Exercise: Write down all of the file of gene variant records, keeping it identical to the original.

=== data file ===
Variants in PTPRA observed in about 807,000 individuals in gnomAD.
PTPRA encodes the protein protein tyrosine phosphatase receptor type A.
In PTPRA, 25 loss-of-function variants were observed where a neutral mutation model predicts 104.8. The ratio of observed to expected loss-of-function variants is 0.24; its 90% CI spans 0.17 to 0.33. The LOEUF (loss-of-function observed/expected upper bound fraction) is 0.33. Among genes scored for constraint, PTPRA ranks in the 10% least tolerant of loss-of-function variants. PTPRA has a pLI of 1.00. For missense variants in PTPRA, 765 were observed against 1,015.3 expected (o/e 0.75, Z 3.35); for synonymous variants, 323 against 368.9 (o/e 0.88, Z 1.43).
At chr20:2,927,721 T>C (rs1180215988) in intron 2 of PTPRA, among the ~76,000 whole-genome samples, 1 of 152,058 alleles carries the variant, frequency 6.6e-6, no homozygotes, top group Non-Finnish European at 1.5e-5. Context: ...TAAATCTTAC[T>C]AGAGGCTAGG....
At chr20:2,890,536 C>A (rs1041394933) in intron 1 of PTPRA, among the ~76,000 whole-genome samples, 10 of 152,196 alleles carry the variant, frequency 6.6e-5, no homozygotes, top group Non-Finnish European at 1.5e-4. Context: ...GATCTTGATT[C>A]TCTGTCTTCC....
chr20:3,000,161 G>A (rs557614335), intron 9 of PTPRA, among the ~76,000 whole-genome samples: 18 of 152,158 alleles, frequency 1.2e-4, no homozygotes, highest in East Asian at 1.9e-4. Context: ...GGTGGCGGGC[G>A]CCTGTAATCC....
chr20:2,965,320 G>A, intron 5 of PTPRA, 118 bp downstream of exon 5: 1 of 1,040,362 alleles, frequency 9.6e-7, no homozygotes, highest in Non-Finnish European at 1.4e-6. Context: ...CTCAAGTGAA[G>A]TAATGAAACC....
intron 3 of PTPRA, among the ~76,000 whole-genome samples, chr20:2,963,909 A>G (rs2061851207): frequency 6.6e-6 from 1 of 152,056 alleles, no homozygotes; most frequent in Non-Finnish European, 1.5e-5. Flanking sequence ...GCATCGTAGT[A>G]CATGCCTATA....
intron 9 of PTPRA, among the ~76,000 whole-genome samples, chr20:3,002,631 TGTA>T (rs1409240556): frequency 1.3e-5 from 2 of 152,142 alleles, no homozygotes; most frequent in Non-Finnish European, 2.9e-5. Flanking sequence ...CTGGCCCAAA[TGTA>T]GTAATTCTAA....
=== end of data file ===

Variants in PTPRA observed in about 807,000 individuals in gnomAD.
PTPRA encodes the protein protein tyrosine phosphatase receptor type A.
In PTPRA, 25 loss-of-function variants were observed where a neutral mutation model predicts 104.8. The ratio of observed to expected loss-of-function variants is 0.24; its 90% CI spans 0.17 to 0.33. The LOEUF (loss-of-function observed/expected upper bound fraction) is 0.33. Among genes scored for constraint, PTPRA ranks in the 10% least tolerant of loss-of-function variants. PTPRA has a pLI of 1.00. For missense variants in PTPRA, 765 were observed against 1,015.3 expected (o/e 0.75, Z 3.35); for synonymous variants, 323 against 368.9 (o/e 0.88, Z 1.43).
At chr20:2,927,721 T>C (rs1180215988) in intron 2 of PTPRA, among the ~76,000 whole-genome samples, 1 of 152,058 alleles carries the variant, frequency 6.6e-6, no homozygotes, top group Non-Finnish European at 1.5e-5. Context: ...TAAATCTTAC[T>C]AGAGGCTAGG....
At chr20:2,890,536 C>A (rs1041394933) in intron 1 of PTPRA, among the ~76,000 whole-genome samples, 10 of 152,196 alleles carry the variant, frequency 6.6e-5, no homozygotes, top group Non-Finnish European at 1.5e-4. Context: ...GATCTTGATT[C>A]TCTGTCTTCC....
chr20:3,000,161 G>A (rs557614335), intron 9 of PTPRA, among the ~76,000 whole-genome samples: 18 of 152,158 alleles, frequency 1.2e-4, no homozygotes, highest in East Asian at 1.9e-4. Context: ...GGTGGCGGGC[G>A]CCTGTAATCC....
chr20:2,965,320 G>A, intron 5 of PTPRA, 118 bp downstream of exon 5: 1 of 1,040,362 alleles, frequency 9.6e-7, no homozygotes, highest in Non-Finnish European at 1.4e-6. Context: ...CTCAAGTGAA[G>A]TAATGAAACC....
intron 3 of PTPRA, among the ~76,000 whole-genome samples, chr20:2,963,909 A>G (rs2061851207): frequency 6.6e-6 from 1 of 152,056 alleles, no homozygotes; most frequent in Non-Finnish European, 1.5e-5. Flanking sequence ...GCATCGTAGT[A>G]CATGCCTATA....
intron 9 of PTPRA, among the ~76,000 whole-genome samples, chr20:3,002,631 TGTA>T (rs1409240556): frequency 1.3e-5 from 2 of 152,142 alleles, no homozygotes; most frequent in Non-Finnish European, 2.9e-5. Flanking sequence ...CTGGCCCAAA[TGTA>T]GTAATTCTAA....